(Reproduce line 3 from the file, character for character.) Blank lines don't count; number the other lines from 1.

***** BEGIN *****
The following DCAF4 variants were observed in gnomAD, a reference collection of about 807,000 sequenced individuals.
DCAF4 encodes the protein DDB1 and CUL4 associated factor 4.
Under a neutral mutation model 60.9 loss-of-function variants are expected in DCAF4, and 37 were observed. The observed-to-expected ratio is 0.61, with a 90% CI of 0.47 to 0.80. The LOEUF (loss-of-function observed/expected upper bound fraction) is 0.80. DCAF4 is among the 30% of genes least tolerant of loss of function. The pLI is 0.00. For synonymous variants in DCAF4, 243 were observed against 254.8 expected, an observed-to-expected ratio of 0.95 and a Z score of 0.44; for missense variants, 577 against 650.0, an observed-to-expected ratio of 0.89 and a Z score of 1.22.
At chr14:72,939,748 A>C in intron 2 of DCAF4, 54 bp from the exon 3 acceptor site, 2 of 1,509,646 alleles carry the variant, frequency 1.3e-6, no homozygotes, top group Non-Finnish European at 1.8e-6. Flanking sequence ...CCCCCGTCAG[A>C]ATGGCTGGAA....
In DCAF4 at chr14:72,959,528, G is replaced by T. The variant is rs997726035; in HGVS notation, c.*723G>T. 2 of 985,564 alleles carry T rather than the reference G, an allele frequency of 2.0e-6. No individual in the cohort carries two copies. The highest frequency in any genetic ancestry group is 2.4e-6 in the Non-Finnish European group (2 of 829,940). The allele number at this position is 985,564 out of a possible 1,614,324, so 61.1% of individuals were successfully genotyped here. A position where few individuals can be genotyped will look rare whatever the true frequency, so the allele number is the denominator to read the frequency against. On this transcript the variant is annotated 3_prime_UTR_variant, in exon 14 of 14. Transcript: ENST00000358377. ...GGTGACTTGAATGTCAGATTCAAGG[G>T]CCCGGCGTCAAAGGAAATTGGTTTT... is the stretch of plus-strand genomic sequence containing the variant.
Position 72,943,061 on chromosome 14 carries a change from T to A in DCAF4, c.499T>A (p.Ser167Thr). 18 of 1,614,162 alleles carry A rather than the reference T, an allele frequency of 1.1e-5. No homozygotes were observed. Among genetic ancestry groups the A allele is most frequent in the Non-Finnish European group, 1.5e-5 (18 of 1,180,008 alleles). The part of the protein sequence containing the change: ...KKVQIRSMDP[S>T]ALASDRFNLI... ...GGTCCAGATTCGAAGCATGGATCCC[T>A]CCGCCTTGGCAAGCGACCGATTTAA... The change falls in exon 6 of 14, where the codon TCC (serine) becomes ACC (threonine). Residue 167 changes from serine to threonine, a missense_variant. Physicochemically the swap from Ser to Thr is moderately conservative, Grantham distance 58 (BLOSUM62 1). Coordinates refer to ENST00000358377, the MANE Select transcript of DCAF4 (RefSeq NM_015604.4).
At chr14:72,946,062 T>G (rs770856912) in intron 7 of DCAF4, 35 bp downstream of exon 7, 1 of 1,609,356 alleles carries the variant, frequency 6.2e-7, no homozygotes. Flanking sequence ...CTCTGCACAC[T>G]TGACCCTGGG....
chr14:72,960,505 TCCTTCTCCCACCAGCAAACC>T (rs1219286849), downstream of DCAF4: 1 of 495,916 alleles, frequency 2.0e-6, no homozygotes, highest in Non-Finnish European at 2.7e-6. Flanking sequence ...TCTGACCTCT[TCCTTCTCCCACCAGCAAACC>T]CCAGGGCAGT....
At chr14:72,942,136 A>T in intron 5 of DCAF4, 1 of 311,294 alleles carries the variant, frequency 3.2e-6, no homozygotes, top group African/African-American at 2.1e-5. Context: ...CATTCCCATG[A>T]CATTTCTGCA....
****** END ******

Under a neutral mutation model 60.9 loss-of-function variants are expected in DCAF4, and 37 were observed. The observed-to-expected ratio is 0.61, with a 90% CI of 0.47 to 0.80. The LOEUF (loss-of-function observed/expected upper bound fraction) is 0.80. DCAF4 is among the 30% of genes least tolerant of loss of function. The pLI is 0.00. For synonymous variants in DCAF4, 243 were observed against 254.8 expected, an observed-to-expected ratio of 0.95 and a Z score of 0.44; for missense variants, 577 against 650.0, an observed-to-expected ratio of 0.89 and a Z score of 1.22.